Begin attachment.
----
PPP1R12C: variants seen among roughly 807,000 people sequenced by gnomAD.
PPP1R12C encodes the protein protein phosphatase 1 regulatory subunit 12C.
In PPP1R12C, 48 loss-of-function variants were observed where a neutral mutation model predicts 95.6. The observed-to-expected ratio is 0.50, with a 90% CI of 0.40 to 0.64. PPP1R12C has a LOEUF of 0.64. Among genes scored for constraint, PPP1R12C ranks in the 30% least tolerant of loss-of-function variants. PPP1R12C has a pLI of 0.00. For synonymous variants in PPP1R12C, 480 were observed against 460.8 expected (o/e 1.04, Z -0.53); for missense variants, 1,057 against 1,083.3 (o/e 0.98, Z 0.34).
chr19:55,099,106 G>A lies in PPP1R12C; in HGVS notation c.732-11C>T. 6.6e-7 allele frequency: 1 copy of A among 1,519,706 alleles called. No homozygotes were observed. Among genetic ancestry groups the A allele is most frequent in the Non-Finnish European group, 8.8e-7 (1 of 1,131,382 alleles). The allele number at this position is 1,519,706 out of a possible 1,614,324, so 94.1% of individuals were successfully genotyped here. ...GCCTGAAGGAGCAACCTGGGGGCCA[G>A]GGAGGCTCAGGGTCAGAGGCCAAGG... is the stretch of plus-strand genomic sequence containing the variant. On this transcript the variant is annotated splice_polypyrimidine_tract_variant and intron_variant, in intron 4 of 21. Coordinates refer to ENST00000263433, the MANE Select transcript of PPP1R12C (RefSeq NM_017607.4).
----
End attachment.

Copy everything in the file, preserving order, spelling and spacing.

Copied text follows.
PPP1R12C: variants seen among roughly 807,000 people sequenced by gnomAD.
PPP1R12C encodes the protein protein phosphatase 1 regulatory subunit 12C.
In PPP1R12C, 48 loss-of-function variants were observed where a neutral mutation model predicts 95.6. The observed-to-expected ratio is 0.50, with a 90% CI of 0.40 to 0.64. PPP1R12C has a LOEUF of 0.64. Among genes scored for constraint, PPP1R12C ranks in the 30% least tolerant of loss-of-function variants. PPP1R12C has a pLI of 0.00. For synonymous variants in PPP1R12C, 480 were observed against 460.8 expected (o/e 1.04, Z -0.53); for missense variants, 1,057 against 1,083.3 (o/e 0.98, Z 0.34).
chr19:55,099,106 G>A lies in PPP1R12C; in HGVS notation c.732-11C>T. 6.6e-7 allele frequency: 1 copy of A among 1,519,706 alleles called. No homozygotes were observed. Among genetic ancestry groups the A allele is most frequent in the Non-Finnish European group, 8.8e-7 (1 of 1,131,382 alleles). The allele number at this position is 1,519,706 out of a possible 1,614,324, so 94.1% of individuals were successfully genotyped here. ...GCCTGAAGGAGCAACCTGGGGGCCA[G>A]GGAGGCTCAGGGTCAGAGGCCAAGG... is the stretch of plus-strand genomic sequence containing the variant. On this transcript the variant is annotated splice_polypyrimidine_tract_variant and intron_variant, in intron 4 of 21. Coordinates refer to ENST00000263433, the MANE Select transcript of PPP1R12C (RefSeq NM_017607.4).